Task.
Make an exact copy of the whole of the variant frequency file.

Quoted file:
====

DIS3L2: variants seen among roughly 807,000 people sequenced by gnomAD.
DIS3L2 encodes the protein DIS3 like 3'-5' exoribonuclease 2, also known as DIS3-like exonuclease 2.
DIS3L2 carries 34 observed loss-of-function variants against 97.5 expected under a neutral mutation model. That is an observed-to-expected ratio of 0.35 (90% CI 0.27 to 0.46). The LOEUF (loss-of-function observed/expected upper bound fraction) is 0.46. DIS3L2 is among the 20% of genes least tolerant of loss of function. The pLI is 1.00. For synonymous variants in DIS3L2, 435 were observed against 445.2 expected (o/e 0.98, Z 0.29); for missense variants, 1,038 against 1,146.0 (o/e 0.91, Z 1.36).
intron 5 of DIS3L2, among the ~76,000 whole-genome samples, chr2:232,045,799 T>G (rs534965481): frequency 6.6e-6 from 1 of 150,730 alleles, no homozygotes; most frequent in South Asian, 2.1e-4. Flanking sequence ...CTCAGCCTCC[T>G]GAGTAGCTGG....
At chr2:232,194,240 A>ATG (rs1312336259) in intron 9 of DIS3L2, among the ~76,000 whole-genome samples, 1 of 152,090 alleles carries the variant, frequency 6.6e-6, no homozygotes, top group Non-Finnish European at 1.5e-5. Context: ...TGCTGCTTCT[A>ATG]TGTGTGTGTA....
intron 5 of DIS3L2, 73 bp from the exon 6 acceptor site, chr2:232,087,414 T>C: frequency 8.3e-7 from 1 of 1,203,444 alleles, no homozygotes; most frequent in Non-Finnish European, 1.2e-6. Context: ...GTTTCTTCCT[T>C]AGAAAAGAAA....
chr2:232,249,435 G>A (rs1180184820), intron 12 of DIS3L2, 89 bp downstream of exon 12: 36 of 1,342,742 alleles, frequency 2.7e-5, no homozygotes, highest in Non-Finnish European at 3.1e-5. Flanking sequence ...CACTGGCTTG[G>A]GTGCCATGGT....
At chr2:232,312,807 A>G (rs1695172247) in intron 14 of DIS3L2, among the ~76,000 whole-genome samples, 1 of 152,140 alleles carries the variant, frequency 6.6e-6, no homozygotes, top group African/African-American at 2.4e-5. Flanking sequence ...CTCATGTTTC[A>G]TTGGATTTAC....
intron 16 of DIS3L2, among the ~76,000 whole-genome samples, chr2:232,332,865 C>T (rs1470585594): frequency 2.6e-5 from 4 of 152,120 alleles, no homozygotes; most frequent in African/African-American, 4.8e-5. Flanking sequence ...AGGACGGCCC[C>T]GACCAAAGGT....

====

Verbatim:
DIS3L2: variants seen among roughly 807,000 people sequenced by gnomAD.
DIS3L2 encodes the protein DIS3 like 3'-5' exoribonuclease 2, also known as DIS3-like exonuclease 2.
DIS3L2 carries 34 observed loss-of-function variants against 97.5 expected under a neutral mutation model. That is an observed-to-expected ratio of 0.35 (90% CI 0.27 to 0.46). The LOEUF (loss-of-function observed/expected upper bound fraction) is 0.46. DIS3L2 is among the 20% of genes least tolerant of loss of function. The pLI is 1.00. For synonymous variants in DIS3L2, 435 were observed against 445.2 expected (o/e 0.98, Z 0.29); for missense variants, 1,038 against 1,146.0 (o/e 0.91, Z 1.36).
intron 5 of DIS3L2, among the ~76,000 whole-genome samples, chr2:232,045,799 T>G (rs534965481): frequency 6.6e-6 from 1 of 150,730 alleles, no homozygotes; most frequent in South Asian, 2.1e-4. Flanking sequence ...CTCAGCCTCC[T>G]GAGTAGCTGG....
At chr2:232,194,240 A>ATG (rs1312336259) in intron 9 of DIS3L2, among the ~76,000 whole-genome samples, 1 of 152,090 alleles carries the variant, frequency 6.6e-6, no homozygotes, top group Non-Finnish European at 1.5e-5. Context: ...TGCTGCTTCT[A>ATG]TGTGTGTGTA....
intron 5 of DIS3L2, 73 bp from the exon 6 acceptor site, chr2:232,087,414 T>C: frequency 8.3e-7 from 1 of 1,203,444 alleles, no homozygotes; most frequent in Non-Finnish European, 1.2e-6. Context: ...GTTTCTTCCT[T>C]AGAAAAGAAA....
chr2:232,249,435 G>A (rs1180184820), intron 12 of DIS3L2, 89 bp downstream of exon 12: 36 of 1,342,742 alleles, frequency 2.7e-5, no homozygotes, highest in Non-Finnish European at 3.1e-5. Flanking sequence ...CACTGGCTTG[G>A]GTGCCATGGT....
At chr2:232,312,807 A>G (rs1695172247) in intron 14 of DIS3L2, among the ~76,000 whole-genome samples, 1 of 152,140 alleles carries the variant, frequency 6.6e-6, no homozygotes, top group African/African-American at 2.4e-5. Flanking sequence ...CTCATGTTTC[A>G]TTGGATTTAC....
intron 16 of DIS3L2, among the ~76,000 whole-genome samples, chr2:232,332,865 C>T (rs1470585594): frequency 2.6e-5 from 4 of 152,120 alleles, no homozygotes; most frequent in African/African-American, 4.8e-5. Flanking sequence ...AGGACGGCCC[C>T]GACCAAAGGT....